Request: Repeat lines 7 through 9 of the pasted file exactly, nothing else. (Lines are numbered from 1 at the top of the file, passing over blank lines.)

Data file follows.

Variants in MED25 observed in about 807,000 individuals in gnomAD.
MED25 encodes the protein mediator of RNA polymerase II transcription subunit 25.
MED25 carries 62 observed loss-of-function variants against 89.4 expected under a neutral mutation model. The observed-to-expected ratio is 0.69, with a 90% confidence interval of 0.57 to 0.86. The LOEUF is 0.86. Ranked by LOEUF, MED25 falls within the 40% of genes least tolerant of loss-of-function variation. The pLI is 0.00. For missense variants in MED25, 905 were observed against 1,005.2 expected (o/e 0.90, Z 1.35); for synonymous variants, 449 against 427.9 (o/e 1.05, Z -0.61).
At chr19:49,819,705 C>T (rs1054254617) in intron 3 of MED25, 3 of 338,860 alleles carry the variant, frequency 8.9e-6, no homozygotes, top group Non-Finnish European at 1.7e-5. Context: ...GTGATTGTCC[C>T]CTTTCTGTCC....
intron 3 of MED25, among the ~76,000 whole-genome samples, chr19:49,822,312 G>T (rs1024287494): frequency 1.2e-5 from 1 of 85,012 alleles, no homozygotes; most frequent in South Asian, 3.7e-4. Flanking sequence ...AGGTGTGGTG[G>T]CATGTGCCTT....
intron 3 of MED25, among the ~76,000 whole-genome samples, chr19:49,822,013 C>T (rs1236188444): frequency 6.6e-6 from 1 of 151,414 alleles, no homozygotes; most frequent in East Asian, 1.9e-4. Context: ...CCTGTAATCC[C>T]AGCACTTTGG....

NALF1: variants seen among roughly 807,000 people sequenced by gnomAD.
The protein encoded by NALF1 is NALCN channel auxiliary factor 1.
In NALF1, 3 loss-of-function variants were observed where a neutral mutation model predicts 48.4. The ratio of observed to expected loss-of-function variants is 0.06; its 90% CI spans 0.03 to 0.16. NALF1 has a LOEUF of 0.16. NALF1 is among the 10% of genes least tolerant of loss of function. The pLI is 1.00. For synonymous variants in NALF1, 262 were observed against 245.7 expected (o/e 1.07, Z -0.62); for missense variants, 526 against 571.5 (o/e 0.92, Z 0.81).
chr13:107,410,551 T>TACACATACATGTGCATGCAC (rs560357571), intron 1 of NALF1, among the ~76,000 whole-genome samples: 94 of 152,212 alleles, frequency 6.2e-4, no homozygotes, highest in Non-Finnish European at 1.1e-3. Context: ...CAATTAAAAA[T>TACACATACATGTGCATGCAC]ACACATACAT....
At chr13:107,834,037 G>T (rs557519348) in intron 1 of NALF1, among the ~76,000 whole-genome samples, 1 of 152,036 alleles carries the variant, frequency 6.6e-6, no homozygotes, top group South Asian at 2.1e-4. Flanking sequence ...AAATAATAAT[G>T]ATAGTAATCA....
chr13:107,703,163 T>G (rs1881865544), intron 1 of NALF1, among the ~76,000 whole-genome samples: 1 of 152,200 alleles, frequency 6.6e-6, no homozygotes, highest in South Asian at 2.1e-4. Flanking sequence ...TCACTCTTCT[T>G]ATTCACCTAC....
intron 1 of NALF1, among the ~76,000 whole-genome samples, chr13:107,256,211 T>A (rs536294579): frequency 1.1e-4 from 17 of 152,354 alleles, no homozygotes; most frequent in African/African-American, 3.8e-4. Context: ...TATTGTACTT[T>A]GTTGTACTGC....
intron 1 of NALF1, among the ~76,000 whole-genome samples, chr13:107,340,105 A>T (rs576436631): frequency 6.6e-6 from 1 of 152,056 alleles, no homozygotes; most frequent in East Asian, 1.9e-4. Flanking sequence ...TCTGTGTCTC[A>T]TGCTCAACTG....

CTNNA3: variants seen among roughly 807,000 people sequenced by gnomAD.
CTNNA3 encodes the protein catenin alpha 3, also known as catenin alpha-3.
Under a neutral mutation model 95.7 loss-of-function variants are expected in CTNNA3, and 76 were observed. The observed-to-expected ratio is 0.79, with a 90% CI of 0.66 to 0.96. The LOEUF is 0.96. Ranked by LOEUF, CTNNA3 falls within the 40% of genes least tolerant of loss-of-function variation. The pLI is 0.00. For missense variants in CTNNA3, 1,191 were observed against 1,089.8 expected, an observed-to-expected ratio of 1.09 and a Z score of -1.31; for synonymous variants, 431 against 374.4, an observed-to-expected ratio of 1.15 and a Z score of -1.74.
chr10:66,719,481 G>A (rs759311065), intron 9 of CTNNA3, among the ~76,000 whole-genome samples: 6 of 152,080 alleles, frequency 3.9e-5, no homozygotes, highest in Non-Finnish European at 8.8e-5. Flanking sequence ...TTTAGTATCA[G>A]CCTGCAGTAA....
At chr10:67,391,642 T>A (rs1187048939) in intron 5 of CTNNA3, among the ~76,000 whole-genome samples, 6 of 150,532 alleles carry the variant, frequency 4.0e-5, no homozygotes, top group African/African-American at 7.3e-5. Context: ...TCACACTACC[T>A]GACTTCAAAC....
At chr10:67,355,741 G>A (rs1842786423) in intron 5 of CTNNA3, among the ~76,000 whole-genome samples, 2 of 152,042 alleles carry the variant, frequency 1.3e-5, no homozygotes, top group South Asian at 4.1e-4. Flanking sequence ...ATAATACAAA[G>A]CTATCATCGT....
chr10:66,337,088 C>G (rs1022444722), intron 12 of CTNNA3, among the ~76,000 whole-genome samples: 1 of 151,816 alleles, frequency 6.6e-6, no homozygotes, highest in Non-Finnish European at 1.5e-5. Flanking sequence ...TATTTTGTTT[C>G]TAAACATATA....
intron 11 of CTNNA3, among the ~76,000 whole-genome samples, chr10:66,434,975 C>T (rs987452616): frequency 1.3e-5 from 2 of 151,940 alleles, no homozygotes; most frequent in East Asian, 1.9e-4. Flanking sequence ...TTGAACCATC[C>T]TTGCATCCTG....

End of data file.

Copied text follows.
NALF1: variants seen among roughly 807,000 people sequenced by gnomAD.
The protein encoded by NALF1 is NALCN channel auxiliary factor 1.
In NALF1, 3 loss-of-function variants were observed where a neutral mutation model predicts 48.4. The ratio of observed to expected loss-of-function variants is 0.06; its 90% CI spans 0.03 to 0.16. NALF1 has a LOEUF of 0.16. NALF1 is among the 10% of genes least tolerant of loss of function. The pLI is 1.00. For synonymous variants in NALF1, 262 were observed against 245.7 expected (o/e 1.07, Z -0.62); for missense variants, 526 against 571.5 (o/e 0.92, Z 0.81).